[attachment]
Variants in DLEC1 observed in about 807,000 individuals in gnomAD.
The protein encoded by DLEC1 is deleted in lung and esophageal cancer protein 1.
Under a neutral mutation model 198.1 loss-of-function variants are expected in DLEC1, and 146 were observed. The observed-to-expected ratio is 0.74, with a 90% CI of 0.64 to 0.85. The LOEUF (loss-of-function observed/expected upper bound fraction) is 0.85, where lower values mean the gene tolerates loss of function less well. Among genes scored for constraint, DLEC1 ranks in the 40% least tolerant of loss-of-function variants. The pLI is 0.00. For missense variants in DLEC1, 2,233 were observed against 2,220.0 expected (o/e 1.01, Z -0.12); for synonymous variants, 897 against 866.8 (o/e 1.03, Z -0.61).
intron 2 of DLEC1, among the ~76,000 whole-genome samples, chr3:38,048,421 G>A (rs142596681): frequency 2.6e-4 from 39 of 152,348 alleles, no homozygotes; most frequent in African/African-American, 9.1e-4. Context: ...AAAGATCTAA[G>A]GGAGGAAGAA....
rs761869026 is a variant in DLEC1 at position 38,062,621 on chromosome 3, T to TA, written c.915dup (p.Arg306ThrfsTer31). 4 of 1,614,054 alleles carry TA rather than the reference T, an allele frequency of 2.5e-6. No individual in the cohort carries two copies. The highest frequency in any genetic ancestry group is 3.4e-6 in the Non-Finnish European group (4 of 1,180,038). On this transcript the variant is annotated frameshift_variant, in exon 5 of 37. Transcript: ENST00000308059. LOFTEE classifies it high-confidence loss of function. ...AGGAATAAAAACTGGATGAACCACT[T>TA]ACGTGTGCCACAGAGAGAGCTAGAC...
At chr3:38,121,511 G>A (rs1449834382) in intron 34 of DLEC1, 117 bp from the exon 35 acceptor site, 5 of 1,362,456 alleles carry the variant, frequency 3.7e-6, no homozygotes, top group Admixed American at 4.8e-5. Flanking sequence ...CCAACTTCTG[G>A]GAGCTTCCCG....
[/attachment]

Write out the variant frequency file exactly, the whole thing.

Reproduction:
Variants in DLEC1 observed in about 807,000 individuals in gnomAD.
The protein encoded by DLEC1 is deleted in lung and esophageal cancer protein 1.
Under a neutral mutation model 198.1 loss-of-function variants are expected in DLEC1, and 146 were observed. The observed-to-expected ratio is 0.74, with a 90% CI of 0.64 to 0.85. The LOEUF (loss-of-function observed/expected upper bound fraction) is 0.85, where lower values mean the gene tolerates loss of function less well. Among genes scored for constraint, DLEC1 ranks in the 40% least tolerant of loss-of-function variants. The pLI is 0.00. For missense variants in DLEC1, 2,233 were observed against 2,220.0 expected (o/e 1.01, Z -0.12); for synonymous variants, 897 against 866.8 (o/e 1.03, Z -0.61).
intron 2 of DLEC1, among the ~76,000 whole-genome samples, chr3:38,048,421 G>A (rs142596681): frequency 2.6e-4 from 39 of 152,348 alleles, no homozygotes; most frequent in African/African-American, 9.1e-4. Context: ...AAAGATCTAA[G>A]GGAGGAAGAA....
rs761869026 is a variant in DLEC1 at position 38,062,621 on chromosome 3, T to TA, written c.915dup (p.Arg306ThrfsTer31). 4 of 1,614,054 alleles carry TA rather than the reference T, an allele frequency of 2.5e-6. No individual in the cohort carries two copies. The highest frequency in any genetic ancestry group is 3.4e-6 in the Non-Finnish European group (4 of 1,180,038). On this transcript the variant is annotated frameshift_variant, in exon 5 of 37. Transcript: ENST00000308059. LOFTEE classifies it high-confidence loss of function. ...AGGAATAAAAACTGGATGAACCACT[T>TA]ACGTGTGCCACAGAGAGAGCTAGAC...
At chr3:38,121,511 G>A (rs1449834382) in intron 34 of DLEC1, 117 bp from the exon 35 acceptor site, 5 of 1,362,456 alleles carry the variant, frequency 3.7e-6, no homozygotes, top group Admixed American at 4.8e-5. Flanking sequence ...CCAACTTCTG[G>A]GAGCTTCCCG....